John's Journal...

Dale Welch- The Striper King

How Dale Welch Became a Striper Guide on Smith Lake and a Super Striper Recipe

Click to enlargeEditor’s Note: One day in 1988, Dale Welch of Crane Hill, Alabama, a biomedical engineer in Birmingham, left his job to go fishing and never returned. No, Welch didn’t vanish. He discovered a new career and a new life as a saltwater striper guide on Smith Lake. Welch has guided for stripers longer than any other guide on Smith Lake and has caught four Smith Lake records. Today, we’ll learn some of Dale’s striper-fishing tactics.
When the Alabama Fisheries Section first stocked Smith Lake with striped bass, quite a few people knew about it. But in the 1980s, very-few Alabama fishermen knew how to fish for stripers, especially at Smith Lake, where there never had been stripers before. When Dale Welch went fishing on Smith Lake, he did not know there were striped bass in the lake, and would not have known a striper if he had seen one. "I was fishing along the edge of a deep bluff when I saw a big school of fish that I thought were Smith Lake's Click to enlargespotted bass,” Welch recalls. At that time, the only way I knew to catch a spotted bass was to fish a 3/4-ounce Hopkins jigging spoon, so I tried it.”
Using an old flasher depth finder at the time and the transducer on his trolling motor, Welch watched as the spoon went under water. When the spoon dropped down to about 3-feet above what Welch thought was a spotted bass, he stopped the spoon, jerked it one time and let it flutter back down. “Nothing happened the first time, so I popped the spoon a second time and allowed it to flutter down again,” Welch says. “As the spoon fluttered down on my depth finder, the fish marked on the flasher closed distance on the spoon. I got a hit. My rod bowed over like a limp noodle.” Welch had his drag set loose enough not to break the 12-pound-test line. When he finally landed the silver-looking fish with its black lines and a sharp, pointed nose, he didn’t know what kind of fish it was. “I thought it was a carp, a drum or some form of bass that I knew nothing about until I showed it to someone who told me it was a saltwater striped bass,” Welch remembers. “This was one of the fiercest-fighting fish I’d ever caught. I started Click to enlargedeliberately looking for them on Smith Lake.”
Since the Hopkins spoon proved that it could attract the striper’s attention, Welch started fishing with that. Once Welch knew he could find and catch stripers, he decided to guide for them. At that time he did not know of anyone else guiding for stripers on Smith Lake. Welch thought that, as hard as those fish fought, there would be many people who would want to catch them. He recalls, “Instead of having to go to the Gulf Coast to catch a big fish, anglers could come to north Alabama. That is how I became a striper guide.” Welch learned that, in the hot summertime when most people wanted to fish for stripers, they’d be closer to the dam on the lower end of the lake. So, the closer to the dam you got, the more stripers you could see on your depth finder. Welch also warns of the erratic nature of stripers. “These fish are not structure-oriented,” he says. “You will not find these free-roaming fish holding on anything.” Click to enlarge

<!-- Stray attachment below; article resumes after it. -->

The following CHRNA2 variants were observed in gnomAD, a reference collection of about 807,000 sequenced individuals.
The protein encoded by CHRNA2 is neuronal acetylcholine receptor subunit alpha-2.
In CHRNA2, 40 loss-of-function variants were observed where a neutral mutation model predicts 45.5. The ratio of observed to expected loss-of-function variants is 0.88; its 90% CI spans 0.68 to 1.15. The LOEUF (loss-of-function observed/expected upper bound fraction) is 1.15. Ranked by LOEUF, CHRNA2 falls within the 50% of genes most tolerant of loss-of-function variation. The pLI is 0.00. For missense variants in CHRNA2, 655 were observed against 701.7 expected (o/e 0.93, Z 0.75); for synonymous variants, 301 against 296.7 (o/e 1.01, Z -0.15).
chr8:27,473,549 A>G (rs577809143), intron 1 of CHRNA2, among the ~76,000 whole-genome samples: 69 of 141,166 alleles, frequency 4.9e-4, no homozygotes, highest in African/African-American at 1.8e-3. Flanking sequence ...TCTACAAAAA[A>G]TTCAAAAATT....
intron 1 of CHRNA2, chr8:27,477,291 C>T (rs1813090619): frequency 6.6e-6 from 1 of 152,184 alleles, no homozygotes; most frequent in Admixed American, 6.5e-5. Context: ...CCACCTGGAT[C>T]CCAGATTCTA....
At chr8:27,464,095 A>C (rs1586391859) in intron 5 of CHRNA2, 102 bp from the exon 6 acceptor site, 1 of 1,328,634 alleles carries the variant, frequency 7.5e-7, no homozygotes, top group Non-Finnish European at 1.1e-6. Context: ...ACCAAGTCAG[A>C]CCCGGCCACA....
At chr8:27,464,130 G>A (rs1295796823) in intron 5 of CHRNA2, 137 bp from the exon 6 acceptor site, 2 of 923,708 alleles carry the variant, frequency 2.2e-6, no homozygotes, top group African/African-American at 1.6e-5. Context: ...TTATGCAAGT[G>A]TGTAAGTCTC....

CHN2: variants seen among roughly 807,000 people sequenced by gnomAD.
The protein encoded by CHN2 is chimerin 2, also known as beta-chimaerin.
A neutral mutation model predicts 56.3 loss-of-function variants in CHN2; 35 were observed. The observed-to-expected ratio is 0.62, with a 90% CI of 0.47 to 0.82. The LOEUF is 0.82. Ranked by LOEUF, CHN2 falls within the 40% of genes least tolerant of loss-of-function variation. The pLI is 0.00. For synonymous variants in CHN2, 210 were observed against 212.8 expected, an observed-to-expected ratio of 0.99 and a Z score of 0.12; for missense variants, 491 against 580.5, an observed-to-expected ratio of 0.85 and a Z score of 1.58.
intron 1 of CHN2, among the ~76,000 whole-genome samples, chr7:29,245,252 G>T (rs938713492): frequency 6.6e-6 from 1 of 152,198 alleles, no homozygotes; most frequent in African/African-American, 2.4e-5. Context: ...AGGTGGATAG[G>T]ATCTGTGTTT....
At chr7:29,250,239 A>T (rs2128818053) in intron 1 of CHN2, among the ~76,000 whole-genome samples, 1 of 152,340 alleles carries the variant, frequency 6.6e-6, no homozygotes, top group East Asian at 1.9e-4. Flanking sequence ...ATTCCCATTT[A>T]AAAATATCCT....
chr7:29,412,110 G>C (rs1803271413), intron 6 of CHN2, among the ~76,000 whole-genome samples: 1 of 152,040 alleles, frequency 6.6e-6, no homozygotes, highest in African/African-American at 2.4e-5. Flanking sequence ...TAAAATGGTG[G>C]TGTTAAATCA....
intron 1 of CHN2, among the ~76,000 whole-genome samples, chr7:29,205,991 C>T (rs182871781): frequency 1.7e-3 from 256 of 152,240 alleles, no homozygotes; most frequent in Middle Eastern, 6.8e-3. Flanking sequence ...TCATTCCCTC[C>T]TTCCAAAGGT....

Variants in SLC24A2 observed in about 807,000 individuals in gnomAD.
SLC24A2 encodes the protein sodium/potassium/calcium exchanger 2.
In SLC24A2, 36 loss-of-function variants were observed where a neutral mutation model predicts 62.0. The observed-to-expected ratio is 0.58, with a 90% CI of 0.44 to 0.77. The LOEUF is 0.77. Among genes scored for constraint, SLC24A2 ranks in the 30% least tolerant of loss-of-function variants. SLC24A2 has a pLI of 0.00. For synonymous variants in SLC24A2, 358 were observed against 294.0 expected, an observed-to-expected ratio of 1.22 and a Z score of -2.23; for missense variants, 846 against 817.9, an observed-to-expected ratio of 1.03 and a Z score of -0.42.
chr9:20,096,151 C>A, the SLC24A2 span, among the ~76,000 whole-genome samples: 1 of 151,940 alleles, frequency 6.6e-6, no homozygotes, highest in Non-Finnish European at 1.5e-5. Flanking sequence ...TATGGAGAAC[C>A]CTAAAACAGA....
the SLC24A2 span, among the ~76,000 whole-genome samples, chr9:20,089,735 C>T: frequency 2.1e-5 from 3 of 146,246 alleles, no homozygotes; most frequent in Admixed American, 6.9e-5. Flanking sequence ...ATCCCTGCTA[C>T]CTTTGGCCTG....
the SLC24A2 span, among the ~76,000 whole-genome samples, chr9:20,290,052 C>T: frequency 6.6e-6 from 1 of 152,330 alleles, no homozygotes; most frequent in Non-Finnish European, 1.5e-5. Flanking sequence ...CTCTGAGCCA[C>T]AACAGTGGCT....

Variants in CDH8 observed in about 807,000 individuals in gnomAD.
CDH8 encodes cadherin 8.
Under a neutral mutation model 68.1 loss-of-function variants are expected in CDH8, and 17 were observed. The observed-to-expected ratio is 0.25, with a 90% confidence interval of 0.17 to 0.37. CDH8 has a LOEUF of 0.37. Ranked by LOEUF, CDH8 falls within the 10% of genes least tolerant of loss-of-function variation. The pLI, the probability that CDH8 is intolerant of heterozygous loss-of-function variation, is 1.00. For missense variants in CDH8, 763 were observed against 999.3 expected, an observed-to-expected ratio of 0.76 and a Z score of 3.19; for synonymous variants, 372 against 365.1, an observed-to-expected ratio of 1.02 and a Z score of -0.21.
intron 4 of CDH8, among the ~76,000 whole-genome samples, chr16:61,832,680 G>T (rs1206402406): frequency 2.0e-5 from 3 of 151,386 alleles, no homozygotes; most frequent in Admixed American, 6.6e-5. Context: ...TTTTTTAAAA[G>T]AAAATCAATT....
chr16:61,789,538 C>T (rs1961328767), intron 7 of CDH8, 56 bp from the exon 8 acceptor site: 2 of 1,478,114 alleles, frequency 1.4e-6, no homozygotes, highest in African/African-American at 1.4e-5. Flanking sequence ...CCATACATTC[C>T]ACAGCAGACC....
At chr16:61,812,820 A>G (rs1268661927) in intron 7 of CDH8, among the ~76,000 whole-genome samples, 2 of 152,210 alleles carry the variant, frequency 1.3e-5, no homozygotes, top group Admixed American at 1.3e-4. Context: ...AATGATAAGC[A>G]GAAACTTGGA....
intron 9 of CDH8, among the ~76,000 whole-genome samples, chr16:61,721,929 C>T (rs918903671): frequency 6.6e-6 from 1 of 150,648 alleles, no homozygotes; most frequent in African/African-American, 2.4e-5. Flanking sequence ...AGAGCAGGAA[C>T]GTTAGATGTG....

Eating Striped Bass:

If you’ve never caught saltwater striped bass before, you’ll learn they are great sport fish. Because stripers can have a strong fishy taste, here’s a technique I use to make the meat of a striper taste as sweet as the meat of a crappie.
* Filet the fish. Cut the red meat off the side of the filet, cut the red lateral line out of the filet, and then cut the filet into one-inch-thick strips.
* Put those strips in a bowl in an ice chest, and cover the meat with ice.
* Pour Sprite or 7-Up over the ice in the bowl until the soft drink covers the ice.
* Place the lid on the ice chest, and let the fish soak in this mixture for 4-6 hours.
* Have your batter mixed or your cornmeal and flour combination ready. As soon as you take the striper filet out of the water, rinse it off, dip it in an egg-and-milk mixture, and batter it quickly.
* Drop it in the skillet, cook to perfection, and enjoy. Even people who don’t like the taste of fish will fight to get more of this 7-Up Striper.

To schedule a striper fishing trip with Dale Welch, contact him at: 7932 County Road 312, Crane Hill, AL 35053, (256) 737-0541,,

Check back each day this week for more about "Dale Welch- The Striper King"

Day 1: Angling with The Striper King
Day 2: Where We Caught ‘Em, and the History of Stripers in Smith Lake
Day 3: How to Catch ‘Em
Day 4: Why Depth Finders and Trolling Motors Spell Striper Success
Day 5: How Dale Welch Became a Striper Guide on Smith Lake and a Super Striper Recipe


Entry 366, Day 5